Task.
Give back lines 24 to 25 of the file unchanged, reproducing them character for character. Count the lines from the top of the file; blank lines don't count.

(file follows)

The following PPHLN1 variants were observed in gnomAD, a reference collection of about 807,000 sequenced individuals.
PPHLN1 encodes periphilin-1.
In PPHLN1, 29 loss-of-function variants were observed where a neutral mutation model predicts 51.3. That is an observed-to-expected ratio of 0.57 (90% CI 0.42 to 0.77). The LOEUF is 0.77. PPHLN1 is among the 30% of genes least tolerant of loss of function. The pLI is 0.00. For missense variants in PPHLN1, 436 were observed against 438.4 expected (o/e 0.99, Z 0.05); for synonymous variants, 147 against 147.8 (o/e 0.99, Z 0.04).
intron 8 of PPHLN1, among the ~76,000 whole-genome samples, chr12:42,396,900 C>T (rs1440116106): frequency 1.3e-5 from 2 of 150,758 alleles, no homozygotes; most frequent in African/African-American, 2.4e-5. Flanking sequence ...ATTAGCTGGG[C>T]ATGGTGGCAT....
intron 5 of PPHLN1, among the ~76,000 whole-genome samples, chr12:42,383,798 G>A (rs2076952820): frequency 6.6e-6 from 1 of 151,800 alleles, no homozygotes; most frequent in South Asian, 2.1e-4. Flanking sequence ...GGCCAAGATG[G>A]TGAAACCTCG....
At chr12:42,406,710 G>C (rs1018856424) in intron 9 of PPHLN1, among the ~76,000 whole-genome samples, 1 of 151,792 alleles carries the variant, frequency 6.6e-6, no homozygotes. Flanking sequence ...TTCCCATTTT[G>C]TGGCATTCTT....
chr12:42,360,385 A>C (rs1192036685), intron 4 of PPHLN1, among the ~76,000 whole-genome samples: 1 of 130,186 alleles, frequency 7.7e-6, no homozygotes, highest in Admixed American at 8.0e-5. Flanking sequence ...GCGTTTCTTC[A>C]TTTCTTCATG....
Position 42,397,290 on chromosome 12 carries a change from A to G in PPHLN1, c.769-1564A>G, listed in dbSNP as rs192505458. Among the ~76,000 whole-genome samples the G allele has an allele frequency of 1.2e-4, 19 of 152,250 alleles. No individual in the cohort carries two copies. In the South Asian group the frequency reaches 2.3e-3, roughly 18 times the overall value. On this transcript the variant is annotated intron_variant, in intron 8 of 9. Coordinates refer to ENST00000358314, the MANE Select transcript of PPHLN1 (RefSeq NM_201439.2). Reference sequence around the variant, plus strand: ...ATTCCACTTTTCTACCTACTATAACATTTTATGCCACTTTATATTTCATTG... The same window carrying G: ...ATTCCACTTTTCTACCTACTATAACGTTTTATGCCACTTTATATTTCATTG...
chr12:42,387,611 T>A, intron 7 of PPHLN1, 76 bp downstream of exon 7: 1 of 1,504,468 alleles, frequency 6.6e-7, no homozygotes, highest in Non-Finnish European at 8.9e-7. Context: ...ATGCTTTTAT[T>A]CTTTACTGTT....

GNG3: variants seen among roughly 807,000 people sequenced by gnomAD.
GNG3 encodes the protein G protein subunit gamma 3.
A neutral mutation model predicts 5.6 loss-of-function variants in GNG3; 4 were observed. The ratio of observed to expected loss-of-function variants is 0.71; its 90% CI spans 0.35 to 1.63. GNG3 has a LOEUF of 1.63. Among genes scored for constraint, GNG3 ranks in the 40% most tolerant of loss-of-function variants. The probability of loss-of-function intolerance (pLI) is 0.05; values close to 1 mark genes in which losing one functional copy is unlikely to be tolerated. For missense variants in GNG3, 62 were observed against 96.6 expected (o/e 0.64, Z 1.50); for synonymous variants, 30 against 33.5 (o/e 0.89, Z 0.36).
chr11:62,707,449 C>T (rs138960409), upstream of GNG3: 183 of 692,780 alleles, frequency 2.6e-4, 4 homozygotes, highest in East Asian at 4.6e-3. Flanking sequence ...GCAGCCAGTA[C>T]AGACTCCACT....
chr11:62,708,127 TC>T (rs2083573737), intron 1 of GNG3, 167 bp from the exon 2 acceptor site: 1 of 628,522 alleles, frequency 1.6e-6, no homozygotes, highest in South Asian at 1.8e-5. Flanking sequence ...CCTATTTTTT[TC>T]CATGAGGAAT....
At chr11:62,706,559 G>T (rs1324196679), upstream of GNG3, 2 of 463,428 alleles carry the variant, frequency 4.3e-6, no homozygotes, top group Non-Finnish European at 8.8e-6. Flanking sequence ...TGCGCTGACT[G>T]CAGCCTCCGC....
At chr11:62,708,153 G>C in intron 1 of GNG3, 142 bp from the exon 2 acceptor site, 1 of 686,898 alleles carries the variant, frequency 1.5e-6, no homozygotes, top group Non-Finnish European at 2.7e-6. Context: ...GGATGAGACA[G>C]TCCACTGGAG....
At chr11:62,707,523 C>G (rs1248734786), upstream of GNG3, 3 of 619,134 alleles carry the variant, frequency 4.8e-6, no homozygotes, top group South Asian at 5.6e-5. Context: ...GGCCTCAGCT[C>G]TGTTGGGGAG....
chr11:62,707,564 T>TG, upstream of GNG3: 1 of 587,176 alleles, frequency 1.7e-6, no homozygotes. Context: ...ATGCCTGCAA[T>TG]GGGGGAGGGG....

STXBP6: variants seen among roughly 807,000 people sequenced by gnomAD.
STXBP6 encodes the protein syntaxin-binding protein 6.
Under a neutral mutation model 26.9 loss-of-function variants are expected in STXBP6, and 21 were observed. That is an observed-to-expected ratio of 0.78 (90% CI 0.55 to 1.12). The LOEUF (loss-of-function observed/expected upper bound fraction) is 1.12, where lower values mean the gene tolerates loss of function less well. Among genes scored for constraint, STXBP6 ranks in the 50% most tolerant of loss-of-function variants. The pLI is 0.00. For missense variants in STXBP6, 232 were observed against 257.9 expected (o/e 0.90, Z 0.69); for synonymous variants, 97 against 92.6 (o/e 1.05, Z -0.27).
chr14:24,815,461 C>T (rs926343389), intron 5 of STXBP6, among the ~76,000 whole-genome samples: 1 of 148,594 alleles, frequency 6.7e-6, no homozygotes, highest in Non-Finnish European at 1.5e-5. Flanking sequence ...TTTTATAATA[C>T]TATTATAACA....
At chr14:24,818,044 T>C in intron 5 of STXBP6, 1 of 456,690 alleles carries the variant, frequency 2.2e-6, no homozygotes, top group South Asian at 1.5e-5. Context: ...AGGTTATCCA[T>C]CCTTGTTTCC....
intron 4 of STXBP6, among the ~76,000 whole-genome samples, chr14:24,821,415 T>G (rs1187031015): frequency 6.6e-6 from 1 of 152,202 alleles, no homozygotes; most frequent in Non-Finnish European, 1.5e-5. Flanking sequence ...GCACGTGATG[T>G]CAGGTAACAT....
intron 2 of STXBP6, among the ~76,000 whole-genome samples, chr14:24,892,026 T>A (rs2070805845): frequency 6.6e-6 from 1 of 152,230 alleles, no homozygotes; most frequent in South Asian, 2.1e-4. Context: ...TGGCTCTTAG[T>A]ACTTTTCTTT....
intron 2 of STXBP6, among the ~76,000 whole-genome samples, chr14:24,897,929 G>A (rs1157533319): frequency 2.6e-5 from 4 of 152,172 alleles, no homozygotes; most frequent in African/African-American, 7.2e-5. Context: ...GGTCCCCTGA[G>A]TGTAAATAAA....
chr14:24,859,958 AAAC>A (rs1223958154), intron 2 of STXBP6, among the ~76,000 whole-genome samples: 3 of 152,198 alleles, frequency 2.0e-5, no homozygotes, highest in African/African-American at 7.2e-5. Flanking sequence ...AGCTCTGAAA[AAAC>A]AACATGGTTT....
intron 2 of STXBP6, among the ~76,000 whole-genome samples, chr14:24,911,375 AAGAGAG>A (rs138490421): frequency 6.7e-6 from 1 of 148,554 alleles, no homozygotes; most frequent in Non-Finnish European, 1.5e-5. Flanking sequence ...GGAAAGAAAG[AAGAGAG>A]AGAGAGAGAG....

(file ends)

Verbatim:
intron 4 of STXBP6, among the ~76,000 whole-genome samples, chr14:24,821,415 T>G (rs1187031015): frequency 6.6e-6 from 1 of 152,202 alleles, no homozygotes; most frequent in Non-Finnish European, 1.5e-5. Flanking sequence ...GCACGTGATG[T>G]CAGGTAACAT....
intron 2 of STXBP6, among the ~76,000 whole-genome samples, chr14:24,892,026 T>A (rs2070805845): frequency 6.6e-6 from 1 of 152,230 alleles, no homozygotes; most frequent in South Asian, 2.1e-4. Context: ...TGGCTCTTAG[T>A]ACTTTTCTTT....